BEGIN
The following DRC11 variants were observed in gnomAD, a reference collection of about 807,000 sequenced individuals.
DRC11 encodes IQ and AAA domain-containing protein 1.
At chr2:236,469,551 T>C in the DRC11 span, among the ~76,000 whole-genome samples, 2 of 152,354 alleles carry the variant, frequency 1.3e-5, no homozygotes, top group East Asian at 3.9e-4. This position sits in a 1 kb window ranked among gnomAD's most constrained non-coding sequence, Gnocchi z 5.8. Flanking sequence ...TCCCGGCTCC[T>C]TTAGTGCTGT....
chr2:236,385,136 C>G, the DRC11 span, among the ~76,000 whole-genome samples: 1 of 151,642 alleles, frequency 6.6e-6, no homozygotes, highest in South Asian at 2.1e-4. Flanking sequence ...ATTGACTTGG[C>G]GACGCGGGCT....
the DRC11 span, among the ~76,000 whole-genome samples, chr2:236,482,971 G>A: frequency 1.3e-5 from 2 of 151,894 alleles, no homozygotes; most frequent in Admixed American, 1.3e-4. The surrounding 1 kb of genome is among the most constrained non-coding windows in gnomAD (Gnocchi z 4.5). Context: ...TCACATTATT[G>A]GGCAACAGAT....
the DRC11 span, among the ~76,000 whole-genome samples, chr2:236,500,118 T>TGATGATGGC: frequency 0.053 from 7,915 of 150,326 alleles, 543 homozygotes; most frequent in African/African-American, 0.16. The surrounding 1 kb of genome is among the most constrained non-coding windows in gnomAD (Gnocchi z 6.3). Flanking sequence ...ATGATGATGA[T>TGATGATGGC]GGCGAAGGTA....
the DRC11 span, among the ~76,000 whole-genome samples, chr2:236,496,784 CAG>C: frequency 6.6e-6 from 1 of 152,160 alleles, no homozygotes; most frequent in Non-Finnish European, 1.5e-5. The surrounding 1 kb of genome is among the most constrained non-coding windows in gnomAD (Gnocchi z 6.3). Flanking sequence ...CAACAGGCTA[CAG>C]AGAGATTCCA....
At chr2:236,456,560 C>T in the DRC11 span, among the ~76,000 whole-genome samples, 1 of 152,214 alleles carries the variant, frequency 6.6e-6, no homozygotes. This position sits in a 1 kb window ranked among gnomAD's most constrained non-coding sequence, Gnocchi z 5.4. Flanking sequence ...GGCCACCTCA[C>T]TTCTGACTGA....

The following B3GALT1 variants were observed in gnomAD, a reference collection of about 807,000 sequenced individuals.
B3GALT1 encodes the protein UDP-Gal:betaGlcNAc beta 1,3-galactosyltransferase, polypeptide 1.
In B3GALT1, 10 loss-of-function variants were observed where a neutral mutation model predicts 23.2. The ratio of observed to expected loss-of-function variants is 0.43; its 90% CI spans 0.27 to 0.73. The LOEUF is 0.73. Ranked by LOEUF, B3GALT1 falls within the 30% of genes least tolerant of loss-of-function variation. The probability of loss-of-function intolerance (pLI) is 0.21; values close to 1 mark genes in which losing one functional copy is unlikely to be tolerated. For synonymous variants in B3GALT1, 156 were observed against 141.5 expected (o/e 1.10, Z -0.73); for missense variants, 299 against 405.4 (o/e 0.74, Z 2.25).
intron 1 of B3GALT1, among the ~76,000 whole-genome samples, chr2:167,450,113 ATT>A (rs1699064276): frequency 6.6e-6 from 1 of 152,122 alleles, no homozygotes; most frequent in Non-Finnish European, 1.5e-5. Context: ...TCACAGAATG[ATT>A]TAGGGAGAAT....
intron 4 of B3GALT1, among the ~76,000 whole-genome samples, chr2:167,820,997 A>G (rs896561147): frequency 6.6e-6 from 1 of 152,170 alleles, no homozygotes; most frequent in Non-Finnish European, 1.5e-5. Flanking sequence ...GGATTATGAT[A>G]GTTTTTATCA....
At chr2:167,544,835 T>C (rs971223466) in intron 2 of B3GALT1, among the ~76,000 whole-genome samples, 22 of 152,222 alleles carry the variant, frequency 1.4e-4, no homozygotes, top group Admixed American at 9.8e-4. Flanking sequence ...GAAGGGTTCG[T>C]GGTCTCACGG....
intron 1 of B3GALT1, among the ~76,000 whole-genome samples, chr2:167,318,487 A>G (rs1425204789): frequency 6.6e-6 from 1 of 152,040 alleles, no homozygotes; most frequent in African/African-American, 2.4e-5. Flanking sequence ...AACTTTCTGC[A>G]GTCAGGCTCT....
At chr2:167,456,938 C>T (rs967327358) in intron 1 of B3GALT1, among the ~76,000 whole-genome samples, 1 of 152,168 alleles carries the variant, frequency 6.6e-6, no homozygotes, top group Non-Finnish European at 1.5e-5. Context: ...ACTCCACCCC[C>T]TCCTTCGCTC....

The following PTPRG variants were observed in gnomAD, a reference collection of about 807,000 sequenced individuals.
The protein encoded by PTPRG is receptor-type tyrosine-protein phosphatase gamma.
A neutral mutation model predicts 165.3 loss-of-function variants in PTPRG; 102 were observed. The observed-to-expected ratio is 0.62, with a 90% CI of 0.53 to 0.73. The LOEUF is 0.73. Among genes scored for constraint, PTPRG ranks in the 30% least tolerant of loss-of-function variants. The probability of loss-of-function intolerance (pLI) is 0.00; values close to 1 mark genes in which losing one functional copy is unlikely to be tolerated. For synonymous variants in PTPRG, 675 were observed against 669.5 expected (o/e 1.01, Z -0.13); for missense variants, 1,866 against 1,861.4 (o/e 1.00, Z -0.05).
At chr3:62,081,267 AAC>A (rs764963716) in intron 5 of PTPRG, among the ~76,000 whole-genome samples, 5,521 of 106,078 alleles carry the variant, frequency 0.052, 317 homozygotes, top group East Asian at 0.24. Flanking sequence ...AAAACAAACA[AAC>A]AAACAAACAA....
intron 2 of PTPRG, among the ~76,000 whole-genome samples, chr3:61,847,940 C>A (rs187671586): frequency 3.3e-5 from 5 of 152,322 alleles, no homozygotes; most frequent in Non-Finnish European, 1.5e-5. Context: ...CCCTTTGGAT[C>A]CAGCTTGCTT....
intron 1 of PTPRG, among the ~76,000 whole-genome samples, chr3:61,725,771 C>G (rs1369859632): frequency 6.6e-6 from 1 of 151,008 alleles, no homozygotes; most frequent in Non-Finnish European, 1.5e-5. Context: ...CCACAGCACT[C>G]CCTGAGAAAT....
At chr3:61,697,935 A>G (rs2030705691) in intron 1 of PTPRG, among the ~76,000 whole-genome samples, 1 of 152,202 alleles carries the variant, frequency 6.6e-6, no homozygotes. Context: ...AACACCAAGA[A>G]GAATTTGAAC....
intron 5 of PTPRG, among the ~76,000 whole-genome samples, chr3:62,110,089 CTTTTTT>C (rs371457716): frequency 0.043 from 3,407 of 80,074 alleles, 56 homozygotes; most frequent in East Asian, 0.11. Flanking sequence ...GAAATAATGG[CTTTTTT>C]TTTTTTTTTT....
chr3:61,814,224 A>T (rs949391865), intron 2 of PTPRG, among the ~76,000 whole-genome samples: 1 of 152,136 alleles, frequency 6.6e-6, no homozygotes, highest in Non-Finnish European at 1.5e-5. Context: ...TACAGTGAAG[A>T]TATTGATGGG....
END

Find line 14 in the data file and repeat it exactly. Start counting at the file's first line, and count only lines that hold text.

At chr2:167,544,835 T>C (rs971223466) in intron 2 of B3GALT1, among the ~76,000 whole-genome samples, 22 of 152,222 alleles carry the variant, frequency 1.4e-4, no homozygotes, top group Admixed American at 9.8e-4. Flanking sequence ...GAAGGGTTCG[T>C]GGTCTCACGG....